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June 13, 2021 - 8:04 pm
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BOBR94 said
I don’t see a lick of Indian usage. 

BWink  

Just wondering Bob. how would you describe “Indian usage”?

 

Methinks just because it’s not all decorated doesn’t mean an Indian didn’t use it!Wink

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June 13, 2021 - 8:36 pm
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win1894 said

Just wondering Bob. how would you describe “Indian usage”?

 

Methinks just because it’s not all decorated doesn’t mean an Indian didn’t use it!Wink  

Let’s assume an unknown Indian did use it on his reservation.  Thousands of Indians lived on reservations, & most of them beat the hell out of their possessions.  Is that more interesting or “historic” than use by an Ozark moonshiner?  Actually, I think an Ozark moonshiner provenance makes a better story.  (I once owned a property in the Ozarks on which everyone agreed there’d been a still, long gone, but with a plenty of junk & garbage to mark its place.)  Or, maybe a poor white trash share-cropper? Plenty of those in Arkie-land, too.  Guess I just don’t get the appeal of such stories even IF they can be proven to be true.

But all that’s irrelevant if you’re happy with your purchase–nothing else counts.

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June 13, 2021 - 9:16 pm
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 The condition of Indian guns depend on the tribe, location, time in history, and storage. Some have tacks, rawhide, missing parts, and some don’t. Most of the native tribes did not have a permanent residence until they were put on reservations. So if a Indian owned it, it’s a Indian gun. It’s all about the documentation.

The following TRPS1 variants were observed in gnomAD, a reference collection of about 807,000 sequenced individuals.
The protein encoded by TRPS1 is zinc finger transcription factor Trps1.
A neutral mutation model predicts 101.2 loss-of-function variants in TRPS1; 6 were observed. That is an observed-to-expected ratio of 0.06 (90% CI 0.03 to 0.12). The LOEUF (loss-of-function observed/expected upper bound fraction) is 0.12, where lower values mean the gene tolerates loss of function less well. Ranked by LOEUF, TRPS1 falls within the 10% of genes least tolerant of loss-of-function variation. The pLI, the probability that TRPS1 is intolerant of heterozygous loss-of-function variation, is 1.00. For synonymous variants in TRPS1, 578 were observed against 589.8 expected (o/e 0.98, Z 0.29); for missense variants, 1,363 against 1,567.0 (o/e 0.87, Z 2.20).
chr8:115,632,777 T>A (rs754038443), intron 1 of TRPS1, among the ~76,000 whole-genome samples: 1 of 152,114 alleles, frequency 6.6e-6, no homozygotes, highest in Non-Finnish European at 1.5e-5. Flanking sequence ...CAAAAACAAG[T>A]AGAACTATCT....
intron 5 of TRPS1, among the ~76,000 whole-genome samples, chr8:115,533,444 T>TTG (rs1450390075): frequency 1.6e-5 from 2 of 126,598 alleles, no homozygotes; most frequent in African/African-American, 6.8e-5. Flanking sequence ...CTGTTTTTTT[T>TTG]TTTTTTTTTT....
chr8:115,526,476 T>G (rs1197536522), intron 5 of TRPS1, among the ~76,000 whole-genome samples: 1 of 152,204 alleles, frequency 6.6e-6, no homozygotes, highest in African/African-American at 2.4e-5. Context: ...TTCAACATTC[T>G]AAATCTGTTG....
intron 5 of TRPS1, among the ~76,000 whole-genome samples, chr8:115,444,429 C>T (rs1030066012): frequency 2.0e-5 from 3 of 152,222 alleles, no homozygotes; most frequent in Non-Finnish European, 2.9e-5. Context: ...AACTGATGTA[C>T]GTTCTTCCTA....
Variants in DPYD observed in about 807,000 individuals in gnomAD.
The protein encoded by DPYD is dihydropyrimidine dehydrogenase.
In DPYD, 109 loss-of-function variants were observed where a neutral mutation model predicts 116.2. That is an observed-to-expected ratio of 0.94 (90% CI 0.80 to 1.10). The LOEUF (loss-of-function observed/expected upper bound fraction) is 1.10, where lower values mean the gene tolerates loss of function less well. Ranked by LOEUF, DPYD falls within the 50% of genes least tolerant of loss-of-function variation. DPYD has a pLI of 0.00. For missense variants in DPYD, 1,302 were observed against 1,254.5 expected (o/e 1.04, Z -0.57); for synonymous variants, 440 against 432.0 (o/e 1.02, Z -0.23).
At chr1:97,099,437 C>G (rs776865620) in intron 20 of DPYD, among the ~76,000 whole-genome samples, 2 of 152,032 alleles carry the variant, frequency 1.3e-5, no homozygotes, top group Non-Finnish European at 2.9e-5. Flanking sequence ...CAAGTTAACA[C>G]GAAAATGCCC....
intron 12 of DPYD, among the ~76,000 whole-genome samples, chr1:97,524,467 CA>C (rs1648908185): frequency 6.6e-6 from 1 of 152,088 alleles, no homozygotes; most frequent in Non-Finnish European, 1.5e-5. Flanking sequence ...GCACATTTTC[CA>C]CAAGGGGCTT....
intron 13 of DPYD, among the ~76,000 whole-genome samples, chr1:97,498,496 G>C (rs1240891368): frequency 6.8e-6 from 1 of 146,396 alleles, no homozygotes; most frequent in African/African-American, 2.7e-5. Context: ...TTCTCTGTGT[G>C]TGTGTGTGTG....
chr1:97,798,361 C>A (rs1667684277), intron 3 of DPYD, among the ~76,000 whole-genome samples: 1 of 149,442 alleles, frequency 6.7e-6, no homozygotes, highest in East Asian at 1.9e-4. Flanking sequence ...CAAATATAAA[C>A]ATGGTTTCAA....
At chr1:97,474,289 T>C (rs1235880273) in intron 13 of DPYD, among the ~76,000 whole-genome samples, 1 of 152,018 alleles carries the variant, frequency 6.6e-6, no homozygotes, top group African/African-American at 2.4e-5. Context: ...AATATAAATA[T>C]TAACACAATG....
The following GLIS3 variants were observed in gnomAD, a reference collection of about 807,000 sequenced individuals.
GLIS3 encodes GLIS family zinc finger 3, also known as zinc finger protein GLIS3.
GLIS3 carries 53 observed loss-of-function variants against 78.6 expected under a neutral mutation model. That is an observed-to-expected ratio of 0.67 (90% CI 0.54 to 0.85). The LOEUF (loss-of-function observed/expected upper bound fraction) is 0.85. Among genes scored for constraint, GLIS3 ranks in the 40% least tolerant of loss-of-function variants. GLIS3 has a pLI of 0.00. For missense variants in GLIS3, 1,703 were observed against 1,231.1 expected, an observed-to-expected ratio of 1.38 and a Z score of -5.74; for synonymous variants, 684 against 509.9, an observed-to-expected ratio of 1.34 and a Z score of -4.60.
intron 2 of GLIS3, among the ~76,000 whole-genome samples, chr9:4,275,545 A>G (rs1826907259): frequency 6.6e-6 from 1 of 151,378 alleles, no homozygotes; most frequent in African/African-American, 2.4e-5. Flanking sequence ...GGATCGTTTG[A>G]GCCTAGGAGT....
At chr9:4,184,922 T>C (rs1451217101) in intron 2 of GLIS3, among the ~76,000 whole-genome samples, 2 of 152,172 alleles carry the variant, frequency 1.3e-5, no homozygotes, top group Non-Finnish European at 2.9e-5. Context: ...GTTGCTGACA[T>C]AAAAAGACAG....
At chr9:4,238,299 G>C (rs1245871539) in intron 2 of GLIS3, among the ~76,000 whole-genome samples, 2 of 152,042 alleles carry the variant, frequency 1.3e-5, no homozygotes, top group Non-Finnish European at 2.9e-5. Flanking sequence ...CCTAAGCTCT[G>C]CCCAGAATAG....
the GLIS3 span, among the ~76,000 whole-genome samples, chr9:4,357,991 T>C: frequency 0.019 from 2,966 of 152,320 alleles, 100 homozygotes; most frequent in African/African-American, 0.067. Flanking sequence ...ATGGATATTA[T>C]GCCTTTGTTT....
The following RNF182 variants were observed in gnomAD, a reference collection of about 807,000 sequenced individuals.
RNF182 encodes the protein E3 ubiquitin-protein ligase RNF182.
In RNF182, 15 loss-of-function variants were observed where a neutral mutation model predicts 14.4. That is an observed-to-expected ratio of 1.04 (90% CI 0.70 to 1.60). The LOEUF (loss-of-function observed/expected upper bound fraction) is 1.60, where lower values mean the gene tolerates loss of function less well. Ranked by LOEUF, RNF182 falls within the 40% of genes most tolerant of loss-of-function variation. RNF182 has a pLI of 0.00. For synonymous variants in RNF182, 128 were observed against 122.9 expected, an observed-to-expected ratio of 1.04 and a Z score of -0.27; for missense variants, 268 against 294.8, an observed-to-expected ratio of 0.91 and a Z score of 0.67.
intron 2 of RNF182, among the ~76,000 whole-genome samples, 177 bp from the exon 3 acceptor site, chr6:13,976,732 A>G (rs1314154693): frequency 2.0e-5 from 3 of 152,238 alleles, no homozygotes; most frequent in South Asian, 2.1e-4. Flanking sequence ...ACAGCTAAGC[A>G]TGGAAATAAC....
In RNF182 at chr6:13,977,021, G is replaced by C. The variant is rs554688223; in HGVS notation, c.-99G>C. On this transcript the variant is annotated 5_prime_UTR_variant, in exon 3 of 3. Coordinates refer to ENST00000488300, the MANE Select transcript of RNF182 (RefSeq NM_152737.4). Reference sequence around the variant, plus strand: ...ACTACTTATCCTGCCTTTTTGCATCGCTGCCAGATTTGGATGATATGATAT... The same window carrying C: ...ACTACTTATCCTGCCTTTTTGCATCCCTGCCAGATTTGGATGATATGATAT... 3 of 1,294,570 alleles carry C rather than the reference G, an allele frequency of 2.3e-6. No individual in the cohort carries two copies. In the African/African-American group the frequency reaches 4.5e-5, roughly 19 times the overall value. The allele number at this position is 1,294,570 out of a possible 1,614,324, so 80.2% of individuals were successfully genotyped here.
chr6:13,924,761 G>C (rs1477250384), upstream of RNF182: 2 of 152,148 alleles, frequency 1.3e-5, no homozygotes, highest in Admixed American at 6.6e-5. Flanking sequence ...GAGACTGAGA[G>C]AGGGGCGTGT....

The guy I was talking about appeared not to have the means to own 500 guns. It’s very possible JR Stewart would know Larry Taylor, JR is a WACA member and a very nice guy. T/R

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June 13, 2021 - 10:03 pm
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Thanks TR

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June 13, 2021 - 10:16 pm
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My guess is that the seller was simply re-telling what he was told to be the truth. And it quite likely is, as it’s far from an outlandish claim. If I was going to make up a story to sell a gun in an attempt to make big dollars, I’d come up with something far better than that. It’s history’s is likely as he stated. Not every gun that has a “story” is an attempt a skullduggery. Some people just want to pass a long what they believe to be an interesting part of that gun’s life to the new owner, and it’s does of course create extra interest. But, yes, there are also those that invent and exaggerate for the almighty dollar to try to make every buck they can, Just saying that’s not always the case.

My 2 cents.

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June 13, 2021 - 10:19 pm
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 All that and I forgot to answer the question! Buy the gun, unless it has documented history, unless the “story” just interests you. But, if the latter, don’t expect others to go with the story when you need to sell. That’s when the gun has to stand up on its own feet, to be able to sell itself.

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June 13, 2021 - 11:13 pm
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It’s nice to know the story behind this gun but it adds little to the value, IMHO. Hundreds, if not thousands of guns in collections today were (and a few likely still are) used by Indians so that’s merely interesting. Since it was obviously built after the Indian Wars it was likely used just as the story says. Guns of that era were tools and Indians of that era have a reputation of not taking care of their tools. Their ancestors often discarded firearms when they ran out of ammunition. Fortunately the 1894 was designed for hard use and it served him well. OTOH the only Indian I knew well was a police officer and his weapon was always clean and well-maintained. He also showed up for work every day with a shine on his shoes. 

I like the gun, congrats on an interesting find.

 

Mike